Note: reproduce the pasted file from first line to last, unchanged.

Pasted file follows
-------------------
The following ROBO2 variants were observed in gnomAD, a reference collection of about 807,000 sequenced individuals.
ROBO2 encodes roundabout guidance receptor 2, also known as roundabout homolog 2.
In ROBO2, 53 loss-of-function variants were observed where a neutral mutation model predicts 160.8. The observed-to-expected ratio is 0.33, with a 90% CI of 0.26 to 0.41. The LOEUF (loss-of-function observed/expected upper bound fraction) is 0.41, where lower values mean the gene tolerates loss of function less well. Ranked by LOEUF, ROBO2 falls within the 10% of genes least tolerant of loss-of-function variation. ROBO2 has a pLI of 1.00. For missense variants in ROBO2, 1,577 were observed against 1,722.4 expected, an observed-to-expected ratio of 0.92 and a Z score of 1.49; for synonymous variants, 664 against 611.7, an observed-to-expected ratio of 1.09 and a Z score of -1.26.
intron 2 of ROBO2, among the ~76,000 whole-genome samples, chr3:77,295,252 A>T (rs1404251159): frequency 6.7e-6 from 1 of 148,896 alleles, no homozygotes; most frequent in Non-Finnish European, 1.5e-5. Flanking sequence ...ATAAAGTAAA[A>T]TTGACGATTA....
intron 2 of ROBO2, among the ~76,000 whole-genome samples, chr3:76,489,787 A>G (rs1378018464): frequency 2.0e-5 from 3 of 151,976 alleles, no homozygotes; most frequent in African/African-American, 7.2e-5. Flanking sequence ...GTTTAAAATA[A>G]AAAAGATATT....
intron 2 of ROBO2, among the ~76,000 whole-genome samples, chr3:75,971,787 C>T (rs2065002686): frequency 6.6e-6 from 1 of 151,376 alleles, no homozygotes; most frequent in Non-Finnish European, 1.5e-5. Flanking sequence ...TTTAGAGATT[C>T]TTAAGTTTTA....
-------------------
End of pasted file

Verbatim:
The following ROBO2 variants were observed in gnomAD, a reference collection of about 807,000 sequenced individuals.
ROBO2 encodes roundabout guidance receptor 2, also known as roundabout homolog 2.
In ROBO2, 53 loss-of-function variants were observed where a neutral mutation model predicts 160.8. The observed-to-expected ratio is 0.33, with a 90% CI of 0.26 to 0.41. The LOEUF (loss-of-function observed/expected upper bound fraction) is 0.41, where lower values mean the gene tolerates loss of function less well. Ranked by LOEUF, ROBO2 falls within the 10% of genes least tolerant of loss-of-function variation. ROBO2 has a pLI of 1.00. For missense variants in ROBO2, 1,577 were observed against 1,722.4 expected, an observed-to-expected ratio of 0.92 and a Z score of 1.49; for synonymous variants, 664 against 611.7, an observed-to-expected ratio of 1.09 and a Z score of -1.26.
intron 2 of ROBO2, among the ~76,000 whole-genome samples, chr3:77,295,252 A>T (rs1404251159): frequency 6.7e-6 from 1 of 148,896 alleles, no homozygotes; most frequent in Non-Finnish European, 1.5e-5. Flanking sequence ...ATAAAGTAAA[A>T]TTGACGATTA....
intron 2 of ROBO2, among the ~76,000 whole-genome samples, chr3:76,489,787 A>G (rs1378018464): frequency 2.0e-5 from 3 of 151,976 alleles, no homozygotes; most frequent in African/African-American, 7.2e-5. Flanking sequence ...GTTTAAAATA[A>G]AAAAGATATT....
intron 2 of ROBO2, among the ~76,000 whole-genome samples, chr3:75,971,787 C>T (rs2065002686): frequency 6.6e-6 from 1 of 151,376 alleles, no homozygotes; most frequent in Non-Finnish European, 1.5e-5. Flanking sequence ...TTTAGAGATT[C>T]TTAAGTTTTA....